Here's how our browser extension sees the article:

Hole -- from Wolfram MathWorld

Source: mathworld.wolfram.com

1. A hole in a mathematical object is a topological structure which prevents the object from being continuously shrunk to a point.

2. Singular homology groups, homotopy groups, bordism groups, K-theory, cohomotopy groups, and other measures can be used to measure holes in a space.

3. Different measures of holes may detect different types of holes in a space.

The article on “Hole” from Wolfram MathWorld is generally reliable and trustworthy. It provides an accurate description of what constitutes a hole in mathematics and how it can be measured using various methods such as singular homology groups, homotopy groups, bordism groups, K-theory, and cohomotopy groups. The article also explains that different measures may detect different types of holes in a space.

The article does not appear to have any biases or one-sided reporting; it presents the information objectively and without any promotional content or partiality. It also does not make any unsupported claims or omit any points of consideration; all the claims are supported by evidence and all relevant points are discussed thoroughly. Furthermore, the article does not ignore any counterarguments or unexplored perspectives; it acknowledges that there are multiple ways to measure holes in a space and discusses them all equally. Finally, the article does note possible risks associated with measuring holes in a space; for example, it mentions that some holes may be missed by certain measures while being detected by others.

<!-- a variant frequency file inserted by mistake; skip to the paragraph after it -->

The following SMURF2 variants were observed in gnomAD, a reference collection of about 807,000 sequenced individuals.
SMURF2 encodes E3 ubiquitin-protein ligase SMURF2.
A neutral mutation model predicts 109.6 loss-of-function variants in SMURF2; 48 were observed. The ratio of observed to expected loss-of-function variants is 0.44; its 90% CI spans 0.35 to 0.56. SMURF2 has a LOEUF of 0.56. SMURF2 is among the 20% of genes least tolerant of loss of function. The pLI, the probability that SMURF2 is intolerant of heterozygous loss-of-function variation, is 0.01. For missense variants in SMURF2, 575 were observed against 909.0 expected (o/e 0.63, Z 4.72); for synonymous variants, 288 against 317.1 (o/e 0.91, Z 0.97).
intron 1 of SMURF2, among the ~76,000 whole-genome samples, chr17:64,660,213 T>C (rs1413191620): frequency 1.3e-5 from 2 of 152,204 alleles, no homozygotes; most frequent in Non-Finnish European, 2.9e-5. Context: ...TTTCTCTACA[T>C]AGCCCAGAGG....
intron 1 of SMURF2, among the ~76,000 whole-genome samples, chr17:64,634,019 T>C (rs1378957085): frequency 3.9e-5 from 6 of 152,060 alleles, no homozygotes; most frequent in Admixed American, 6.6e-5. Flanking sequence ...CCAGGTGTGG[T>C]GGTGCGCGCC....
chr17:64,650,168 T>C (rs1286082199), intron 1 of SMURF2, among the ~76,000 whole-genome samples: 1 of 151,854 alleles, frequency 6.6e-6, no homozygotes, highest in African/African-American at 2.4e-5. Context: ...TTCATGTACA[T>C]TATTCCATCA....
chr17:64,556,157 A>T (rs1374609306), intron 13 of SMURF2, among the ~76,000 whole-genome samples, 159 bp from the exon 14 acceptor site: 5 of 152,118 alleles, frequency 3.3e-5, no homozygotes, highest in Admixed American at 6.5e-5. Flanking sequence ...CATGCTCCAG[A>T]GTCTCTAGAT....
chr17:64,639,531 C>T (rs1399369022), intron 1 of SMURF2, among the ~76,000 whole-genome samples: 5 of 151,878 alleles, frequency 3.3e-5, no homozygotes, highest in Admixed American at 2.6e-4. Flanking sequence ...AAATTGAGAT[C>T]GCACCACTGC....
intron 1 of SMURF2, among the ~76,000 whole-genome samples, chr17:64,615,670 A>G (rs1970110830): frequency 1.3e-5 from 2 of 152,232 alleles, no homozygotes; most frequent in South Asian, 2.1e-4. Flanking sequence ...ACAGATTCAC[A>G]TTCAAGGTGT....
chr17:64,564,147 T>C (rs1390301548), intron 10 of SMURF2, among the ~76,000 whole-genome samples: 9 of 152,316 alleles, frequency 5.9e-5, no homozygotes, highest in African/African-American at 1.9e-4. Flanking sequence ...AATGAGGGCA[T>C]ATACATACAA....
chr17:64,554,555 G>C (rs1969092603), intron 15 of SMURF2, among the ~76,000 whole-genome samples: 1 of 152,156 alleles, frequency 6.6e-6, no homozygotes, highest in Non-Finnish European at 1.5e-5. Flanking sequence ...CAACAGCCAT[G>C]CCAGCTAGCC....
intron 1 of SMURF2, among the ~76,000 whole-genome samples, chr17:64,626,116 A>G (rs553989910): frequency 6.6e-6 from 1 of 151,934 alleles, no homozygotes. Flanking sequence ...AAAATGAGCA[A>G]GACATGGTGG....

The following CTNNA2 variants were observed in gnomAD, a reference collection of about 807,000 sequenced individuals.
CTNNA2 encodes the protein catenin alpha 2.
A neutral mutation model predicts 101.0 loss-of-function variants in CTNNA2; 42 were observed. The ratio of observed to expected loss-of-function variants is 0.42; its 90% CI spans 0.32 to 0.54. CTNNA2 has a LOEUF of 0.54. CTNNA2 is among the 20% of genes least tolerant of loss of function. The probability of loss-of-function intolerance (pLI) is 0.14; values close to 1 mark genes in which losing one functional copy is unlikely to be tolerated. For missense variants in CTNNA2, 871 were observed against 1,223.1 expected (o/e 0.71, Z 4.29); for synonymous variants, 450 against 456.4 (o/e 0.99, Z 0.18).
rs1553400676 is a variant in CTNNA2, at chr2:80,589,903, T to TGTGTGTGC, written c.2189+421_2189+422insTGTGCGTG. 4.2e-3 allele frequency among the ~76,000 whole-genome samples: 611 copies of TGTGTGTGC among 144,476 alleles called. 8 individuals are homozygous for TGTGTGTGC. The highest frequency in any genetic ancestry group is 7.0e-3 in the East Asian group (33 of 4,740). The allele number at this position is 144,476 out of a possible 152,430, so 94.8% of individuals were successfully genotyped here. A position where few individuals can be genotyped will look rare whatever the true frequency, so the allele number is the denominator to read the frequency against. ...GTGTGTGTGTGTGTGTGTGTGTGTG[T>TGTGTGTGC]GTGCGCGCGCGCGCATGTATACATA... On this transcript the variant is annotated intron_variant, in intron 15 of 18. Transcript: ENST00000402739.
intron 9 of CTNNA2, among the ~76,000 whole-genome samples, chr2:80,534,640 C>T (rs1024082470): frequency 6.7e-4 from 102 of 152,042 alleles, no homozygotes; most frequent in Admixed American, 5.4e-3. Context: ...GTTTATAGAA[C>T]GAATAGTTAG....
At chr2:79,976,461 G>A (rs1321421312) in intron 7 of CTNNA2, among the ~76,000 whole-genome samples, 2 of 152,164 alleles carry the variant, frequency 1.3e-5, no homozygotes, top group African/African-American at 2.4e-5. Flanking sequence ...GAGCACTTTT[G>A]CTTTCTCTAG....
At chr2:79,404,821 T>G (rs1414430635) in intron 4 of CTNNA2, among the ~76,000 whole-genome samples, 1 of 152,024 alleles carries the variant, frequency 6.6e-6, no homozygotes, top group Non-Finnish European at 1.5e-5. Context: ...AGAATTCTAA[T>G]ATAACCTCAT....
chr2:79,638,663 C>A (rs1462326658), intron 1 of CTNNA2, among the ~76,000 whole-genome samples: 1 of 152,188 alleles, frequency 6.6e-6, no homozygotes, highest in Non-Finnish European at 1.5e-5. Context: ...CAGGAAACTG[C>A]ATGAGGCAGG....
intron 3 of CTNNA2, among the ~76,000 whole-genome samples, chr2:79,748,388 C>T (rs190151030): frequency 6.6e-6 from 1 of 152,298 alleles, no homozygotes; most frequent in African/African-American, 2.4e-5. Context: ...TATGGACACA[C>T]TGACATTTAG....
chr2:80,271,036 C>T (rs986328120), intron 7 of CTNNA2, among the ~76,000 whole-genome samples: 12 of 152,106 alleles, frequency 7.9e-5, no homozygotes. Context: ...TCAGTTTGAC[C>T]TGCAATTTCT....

In conclusion, this article from Wolfram MathWorld is reliable and trustworthy; it provides an accurate description of what constitutes a hole in mathematics and how it can be measured using various methods while avoiding bias or one-sided reporting.